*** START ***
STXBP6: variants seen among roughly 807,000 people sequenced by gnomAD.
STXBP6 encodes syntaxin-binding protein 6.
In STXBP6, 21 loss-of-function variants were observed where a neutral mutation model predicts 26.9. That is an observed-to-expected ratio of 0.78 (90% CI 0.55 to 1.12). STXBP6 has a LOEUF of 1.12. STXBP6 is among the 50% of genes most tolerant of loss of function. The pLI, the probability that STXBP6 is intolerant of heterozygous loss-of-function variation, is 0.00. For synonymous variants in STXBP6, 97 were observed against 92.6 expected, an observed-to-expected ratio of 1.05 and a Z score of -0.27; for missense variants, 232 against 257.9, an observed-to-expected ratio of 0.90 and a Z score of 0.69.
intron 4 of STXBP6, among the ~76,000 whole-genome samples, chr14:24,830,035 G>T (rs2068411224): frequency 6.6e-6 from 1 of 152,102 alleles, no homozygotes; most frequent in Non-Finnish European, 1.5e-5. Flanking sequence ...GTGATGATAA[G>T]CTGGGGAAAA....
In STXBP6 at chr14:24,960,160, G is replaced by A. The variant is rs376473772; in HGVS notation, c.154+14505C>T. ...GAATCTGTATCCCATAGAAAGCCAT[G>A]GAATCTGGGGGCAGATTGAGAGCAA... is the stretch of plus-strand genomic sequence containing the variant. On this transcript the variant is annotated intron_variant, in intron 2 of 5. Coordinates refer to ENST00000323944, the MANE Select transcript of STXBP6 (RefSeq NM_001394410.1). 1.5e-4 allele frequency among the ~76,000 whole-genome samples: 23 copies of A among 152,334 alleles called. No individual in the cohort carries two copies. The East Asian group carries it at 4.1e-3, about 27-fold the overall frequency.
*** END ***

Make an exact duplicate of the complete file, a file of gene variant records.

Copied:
STXBP6: variants seen among roughly 807,000 people sequenced by gnomAD.
STXBP6 encodes syntaxin-binding protein 6.
In STXBP6, 21 loss-of-function variants were observed where a neutral mutation model predicts 26.9. That is an observed-to-expected ratio of 0.78 (90% CI 0.55 to 1.12). STXBP6 has a LOEUF of 1.12. STXBP6 is among the 50% of genes most tolerant of loss of function. The pLI, the probability that STXBP6 is intolerant of heterozygous loss-of-function variation, is 0.00. For synonymous variants in STXBP6, 97 were observed against 92.6 expected, an observed-to-expected ratio of 1.05 and a Z score of -0.27; for missense variants, 232 against 257.9, an observed-to-expected ratio of 0.90 and a Z score of 0.69.
intron 4 of STXBP6, among the ~76,000 whole-genome samples, chr14:24,830,035 G>T (rs2068411224): frequency 6.6e-6 from 1 of 152,102 alleles, no homozygotes; most frequent in Non-Finnish European, 1.5e-5. Flanking sequence ...GTGATGATAA[G>T]CTGGGGAAAA....
In STXBP6 at chr14:24,960,160, G is replaced by A. The variant is rs376473772; in HGVS notation, c.154+14505C>T. ...GAATCTGTATCCCATAGAAAGCCAT[G>A]GAATCTGGGGGCAGATTGAGAGCAA... is the stretch of plus-strand genomic sequence containing the variant. On this transcript the variant is annotated intron_variant, in intron 2 of 5. Coordinates refer to ENST00000323944, the MANE Select transcript of STXBP6 (RefSeq NM_001394410.1). 1.5e-4 allele frequency among the ~76,000 whole-genome samples: 23 copies of A among 152,334 alleles called. No individual in the cohort carries two copies. The East Asian group carries it at 4.1e-3, about 27-fold the overall frequency.